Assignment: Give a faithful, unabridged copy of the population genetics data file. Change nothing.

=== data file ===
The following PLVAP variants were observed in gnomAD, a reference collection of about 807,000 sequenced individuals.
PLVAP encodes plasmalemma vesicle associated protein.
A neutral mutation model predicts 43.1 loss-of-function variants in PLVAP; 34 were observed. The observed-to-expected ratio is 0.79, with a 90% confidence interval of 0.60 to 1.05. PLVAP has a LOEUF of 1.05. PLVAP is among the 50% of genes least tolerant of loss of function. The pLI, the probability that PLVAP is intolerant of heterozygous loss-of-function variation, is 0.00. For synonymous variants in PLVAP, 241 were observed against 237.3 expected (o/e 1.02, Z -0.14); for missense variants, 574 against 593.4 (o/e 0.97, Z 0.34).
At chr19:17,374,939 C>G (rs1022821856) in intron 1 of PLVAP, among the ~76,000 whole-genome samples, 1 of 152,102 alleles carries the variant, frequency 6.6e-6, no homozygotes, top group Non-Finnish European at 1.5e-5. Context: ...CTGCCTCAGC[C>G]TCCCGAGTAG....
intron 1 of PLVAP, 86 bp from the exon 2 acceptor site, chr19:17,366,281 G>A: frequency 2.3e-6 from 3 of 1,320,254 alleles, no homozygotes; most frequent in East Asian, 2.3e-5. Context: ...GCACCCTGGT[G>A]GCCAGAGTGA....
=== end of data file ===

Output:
The following PLVAP variants were observed in gnomAD, a reference collection of about 807,000 sequenced individuals.
PLVAP encodes plasmalemma vesicle associated protein.
A neutral mutation model predicts 43.1 loss-of-function variants in PLVAP; 34 were observed. The observed-to-expected ratio is 0.79, with a 90% confidence interval of 0.60 to 1.05. PLVAP has a LOEUF of 1.05. PLVAP is among the 50% of genes least tolerant of loss of function. The pLI, the probability that PLVAP is intolerant of heterozygous loss-of-function variation, is 0.00. For synonymous variants in PLVAP, 241 were observed against 237.3 expected (o/e 1.02, Z -0.14); for missense variants, 574 against 593.4 (o/e 0.97, Z 0.34).
At chr19:17,374,939 C>G (rs1022821856) in intron 1 of PLVAP, among the ~76,000 whole-genome samples, 1 of 152,102 alleles carries the variant, frequency 6.6e-6, no homozygotes, top group Non-Finnish European at 1.5e-5. Context: ...CTGCCTCAGC[C>G]TCCCGAGTAG....
intron 1 of PLVAP, 86 bp from the exon 2 acceptor site, chr19:17,366,281 G>A: frequency 2.3e-6 from 3 of 1,320,254 alleles, no homozygotes; most frequent in East Asian, 2.3e-5. Context: ...GCACCCTGGT[G>A]GCCAGAGTGA....